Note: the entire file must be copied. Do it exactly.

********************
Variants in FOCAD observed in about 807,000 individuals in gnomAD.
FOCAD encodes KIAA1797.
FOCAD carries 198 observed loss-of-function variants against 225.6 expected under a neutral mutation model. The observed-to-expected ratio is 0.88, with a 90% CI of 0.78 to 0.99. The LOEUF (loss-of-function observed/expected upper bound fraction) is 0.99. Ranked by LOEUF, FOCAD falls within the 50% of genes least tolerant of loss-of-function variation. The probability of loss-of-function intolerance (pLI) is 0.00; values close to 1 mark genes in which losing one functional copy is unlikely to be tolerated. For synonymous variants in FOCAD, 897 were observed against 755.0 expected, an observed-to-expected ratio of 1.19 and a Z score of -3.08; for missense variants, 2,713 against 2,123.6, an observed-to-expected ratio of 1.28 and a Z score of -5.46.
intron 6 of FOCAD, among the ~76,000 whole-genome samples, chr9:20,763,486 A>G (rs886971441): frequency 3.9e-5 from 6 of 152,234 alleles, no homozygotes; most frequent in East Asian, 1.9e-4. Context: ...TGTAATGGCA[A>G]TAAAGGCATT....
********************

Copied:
Variants in FOCAD observed in about 807,000 individuals in gnomAD.
FOCAD encodes KIAA1797.
FOCAD carries 198 observed loss-of-function variants against 225.6 expected under a neutral mutation model. The observed-to-expected ratio is 0.88, with a 90% CI of 0.78 to 0.99. The LOEUF (loss-of-function observed/expected upper bound fraction) is 0.99. Ranked by LOEUF, FOCAD falls within the 50% of genes least tolerant of loss-of-function variation. The probability of loss-of-function intolerance (pLI) is 0.00; values close to 1 mark genes in which losing one functional copy is unlikely to be tolerated. For synonymous variants in FOCAD, 897 were observed against 755.0 expected, an observed-to-expected ratio of 1.19 and a Z score of -3.08; for missense variants, 2,713 against 2,123.6, an observed-to-expected ratio of 1.28 and a Z score of -5.46.
intron 6 of FOCAD, among the ~76,000 whole-genome samples, chr9:20,763,486 A>G (rs886971441): frequency 3.9e-5 from 6 of 152,234 alleles, no homozygotes; most frequent in East Asian, 1.9e-4. Context: ...TGTAATGGCA[A>G]TAAAGGCATT....